His version of Dickie's are a prime example of this--equal parts the ruffled blouse of an aristocrat, and the torn sweater of a panhandler who’s assumed to be an addict. Those satin pants, while awfully shiny, bear the cargo pockets of a traumatized, underfunded, and discarded veteran. Suits no doubt costing in the thousands are worn shirtless. We may be flush and self-righteous now, but all it takes is one break that won’t stop hurting, one extra gram or unexpected expense, to bring us to our knees. The portraits in our attics may yet catch up with us, too.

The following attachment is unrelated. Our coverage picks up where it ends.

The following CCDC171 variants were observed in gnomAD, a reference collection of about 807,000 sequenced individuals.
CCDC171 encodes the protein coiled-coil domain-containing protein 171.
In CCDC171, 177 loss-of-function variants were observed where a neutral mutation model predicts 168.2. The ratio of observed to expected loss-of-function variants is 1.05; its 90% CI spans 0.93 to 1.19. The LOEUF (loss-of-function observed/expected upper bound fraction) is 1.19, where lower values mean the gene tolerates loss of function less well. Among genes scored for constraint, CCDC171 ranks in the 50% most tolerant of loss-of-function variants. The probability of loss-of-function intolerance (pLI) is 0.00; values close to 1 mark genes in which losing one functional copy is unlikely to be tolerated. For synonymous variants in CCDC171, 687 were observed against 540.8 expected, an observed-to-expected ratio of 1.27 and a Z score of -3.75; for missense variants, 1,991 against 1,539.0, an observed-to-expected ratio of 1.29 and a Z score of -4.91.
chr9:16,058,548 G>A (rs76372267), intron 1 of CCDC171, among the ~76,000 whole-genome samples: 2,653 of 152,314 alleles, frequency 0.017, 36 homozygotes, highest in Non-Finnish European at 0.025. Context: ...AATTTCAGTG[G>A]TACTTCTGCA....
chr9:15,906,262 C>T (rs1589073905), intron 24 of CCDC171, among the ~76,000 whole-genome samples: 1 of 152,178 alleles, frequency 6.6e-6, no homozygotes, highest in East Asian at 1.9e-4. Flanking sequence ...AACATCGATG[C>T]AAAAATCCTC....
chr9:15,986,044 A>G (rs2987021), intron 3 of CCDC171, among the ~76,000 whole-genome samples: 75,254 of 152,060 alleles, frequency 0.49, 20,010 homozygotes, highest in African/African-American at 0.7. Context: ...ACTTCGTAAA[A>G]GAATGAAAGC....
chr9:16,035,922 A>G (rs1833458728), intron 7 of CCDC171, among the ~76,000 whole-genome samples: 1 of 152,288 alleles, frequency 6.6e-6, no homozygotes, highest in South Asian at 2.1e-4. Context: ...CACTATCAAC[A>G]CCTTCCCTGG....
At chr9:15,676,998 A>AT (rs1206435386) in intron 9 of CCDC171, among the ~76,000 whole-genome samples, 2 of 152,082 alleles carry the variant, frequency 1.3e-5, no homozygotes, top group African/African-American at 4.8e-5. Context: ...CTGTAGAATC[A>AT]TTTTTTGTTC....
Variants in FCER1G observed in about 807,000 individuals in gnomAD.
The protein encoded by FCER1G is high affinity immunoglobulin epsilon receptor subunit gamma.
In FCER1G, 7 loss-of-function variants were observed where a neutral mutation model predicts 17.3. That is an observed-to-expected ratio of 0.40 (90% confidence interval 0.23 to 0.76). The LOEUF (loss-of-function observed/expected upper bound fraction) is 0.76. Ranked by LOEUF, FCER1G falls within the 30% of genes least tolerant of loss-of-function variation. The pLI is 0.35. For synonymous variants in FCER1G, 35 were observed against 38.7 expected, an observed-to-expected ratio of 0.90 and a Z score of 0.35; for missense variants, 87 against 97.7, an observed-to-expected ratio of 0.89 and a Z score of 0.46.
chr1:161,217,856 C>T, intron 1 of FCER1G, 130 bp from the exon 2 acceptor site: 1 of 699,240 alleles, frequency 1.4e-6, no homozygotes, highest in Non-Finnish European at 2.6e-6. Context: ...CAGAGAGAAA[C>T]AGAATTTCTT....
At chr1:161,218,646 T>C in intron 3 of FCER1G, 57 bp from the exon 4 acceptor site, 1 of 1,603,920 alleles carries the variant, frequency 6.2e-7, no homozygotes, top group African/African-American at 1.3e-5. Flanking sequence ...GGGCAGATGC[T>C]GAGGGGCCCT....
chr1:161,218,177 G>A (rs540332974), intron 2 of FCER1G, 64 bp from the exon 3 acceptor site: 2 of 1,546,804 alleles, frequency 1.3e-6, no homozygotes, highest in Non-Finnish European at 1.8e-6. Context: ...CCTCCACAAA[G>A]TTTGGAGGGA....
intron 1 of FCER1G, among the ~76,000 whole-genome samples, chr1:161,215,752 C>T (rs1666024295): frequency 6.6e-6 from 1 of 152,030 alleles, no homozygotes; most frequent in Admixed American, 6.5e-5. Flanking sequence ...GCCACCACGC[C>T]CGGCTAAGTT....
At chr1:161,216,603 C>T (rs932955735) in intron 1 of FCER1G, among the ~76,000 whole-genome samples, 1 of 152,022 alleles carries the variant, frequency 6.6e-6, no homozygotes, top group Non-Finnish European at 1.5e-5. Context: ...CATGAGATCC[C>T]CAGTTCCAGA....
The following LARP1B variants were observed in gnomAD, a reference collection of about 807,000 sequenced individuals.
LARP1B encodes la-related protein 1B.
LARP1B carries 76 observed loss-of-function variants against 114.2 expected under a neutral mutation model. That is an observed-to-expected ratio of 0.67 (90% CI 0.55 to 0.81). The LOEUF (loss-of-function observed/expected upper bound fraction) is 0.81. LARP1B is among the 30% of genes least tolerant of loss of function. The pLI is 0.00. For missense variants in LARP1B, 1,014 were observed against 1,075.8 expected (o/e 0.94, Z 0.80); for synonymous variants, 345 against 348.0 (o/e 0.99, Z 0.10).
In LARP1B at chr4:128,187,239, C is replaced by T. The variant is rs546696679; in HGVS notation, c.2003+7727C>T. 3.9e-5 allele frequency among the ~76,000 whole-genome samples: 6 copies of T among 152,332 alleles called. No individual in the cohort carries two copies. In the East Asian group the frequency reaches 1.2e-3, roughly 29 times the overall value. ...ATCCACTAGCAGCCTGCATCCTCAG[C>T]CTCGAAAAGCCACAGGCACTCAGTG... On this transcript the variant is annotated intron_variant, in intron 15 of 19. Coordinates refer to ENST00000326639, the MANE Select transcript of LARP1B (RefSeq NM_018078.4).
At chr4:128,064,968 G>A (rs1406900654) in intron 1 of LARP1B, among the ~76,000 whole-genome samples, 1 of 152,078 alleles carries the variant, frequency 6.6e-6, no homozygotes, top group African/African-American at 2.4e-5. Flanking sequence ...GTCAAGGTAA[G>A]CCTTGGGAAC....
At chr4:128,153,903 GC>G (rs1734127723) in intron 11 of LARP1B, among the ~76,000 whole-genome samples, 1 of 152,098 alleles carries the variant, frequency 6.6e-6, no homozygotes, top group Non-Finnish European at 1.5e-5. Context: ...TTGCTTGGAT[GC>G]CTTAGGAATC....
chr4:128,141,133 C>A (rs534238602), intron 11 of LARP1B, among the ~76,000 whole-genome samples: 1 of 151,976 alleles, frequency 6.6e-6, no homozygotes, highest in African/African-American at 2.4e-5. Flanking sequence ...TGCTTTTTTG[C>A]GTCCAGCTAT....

The subject matter is heartbreakingly urgent, and the show a spectacle worth beholding. Unfortunately--though, to be clear, by no means the most unfortunate part of the situation--one issue with all of Simons’ drama is that it’s not easily integrated into one’s wardrobe. Still, in the spirit of the old platitude, there are ways to do everything (in the collection) in moderation: to invest in colorful, butter-soft leather gloves, albeit wrist-length and for outside wear only; to have your tailor line your trusty wool coat in a contrasting shade of silk; to seek out asymmetry or strange scale nearly hidden in a suiting classic. And, if the weather stays like it’s been in New York, to pick up a pair of Bunny boots--which, as a portion of proceeds from Youth in Motion are headed to organizations supporting people recovering from addiction, would fall solidly into the realm of a positive indulgence.